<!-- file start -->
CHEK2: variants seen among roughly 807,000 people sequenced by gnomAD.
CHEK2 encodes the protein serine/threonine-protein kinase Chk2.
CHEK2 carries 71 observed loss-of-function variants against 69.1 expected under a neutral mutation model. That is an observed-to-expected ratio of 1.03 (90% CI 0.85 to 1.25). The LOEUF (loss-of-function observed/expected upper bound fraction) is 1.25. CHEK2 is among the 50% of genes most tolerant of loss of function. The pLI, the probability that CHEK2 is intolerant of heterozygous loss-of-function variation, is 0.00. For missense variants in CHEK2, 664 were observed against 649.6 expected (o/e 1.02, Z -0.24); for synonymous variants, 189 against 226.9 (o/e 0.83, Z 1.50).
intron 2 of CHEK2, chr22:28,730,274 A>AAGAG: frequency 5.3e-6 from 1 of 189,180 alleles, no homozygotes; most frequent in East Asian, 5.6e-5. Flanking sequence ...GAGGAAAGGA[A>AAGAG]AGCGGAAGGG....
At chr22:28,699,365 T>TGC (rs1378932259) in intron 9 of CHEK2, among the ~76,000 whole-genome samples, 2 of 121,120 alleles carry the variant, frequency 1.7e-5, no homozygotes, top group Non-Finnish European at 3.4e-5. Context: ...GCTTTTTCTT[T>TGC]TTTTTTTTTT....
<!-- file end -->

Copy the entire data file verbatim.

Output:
CHEK2: variants seen among roughly 807,000 people sequenced by gnomAD.
CHEK2 encodes the protein serine/threonine-protein kinase Chk2.
CHEK2 carries 71 observed loss-of-function variants against 69.1 expected under a neutral mutation model. That is an observed-to-expected ratio of 1.03 (90% CI 0.85 to 1.25). The LOEUF (loss-of-function observed/expected upper bound fraction) is 1.25. CHEK2 is among the 50% of genes most tolerant of loss of function. The pLI, the probability that CHEK2 is intolerant of heterozygous loss-of-function variation, is 0.00. For missense variants in CHEK2, 664 were observed against 649.6 expected (o/e 1.02, Z -0.24); for synonymous variants, 189 against 226.9 (o/e 0.83, Z 1.50).
intron 2 of CHEK2, chr22:28,730,274 A>AAGAG: frequency 5.3e-6 from 1 of 189,180 alleles, no homozygotes; most frequent in East Asian, 5.6e-5. Flanking sequence ...GAGGAAAGGA[A>AAGAG]AGCGGAAGGG....
At chr22:28,699,365 T>TGC (rs1378932259) in intron 9 of CHEK2, among the ~76,000 whole-genome samples, 2 of 121,120 alleles carry the variant, frequency 1.7e-5, no homozygotes, top group Non-Finnish European at 3.4e-5. Context: ...GCTTTTTCTT[T>TGC]TTTTTTTTTT....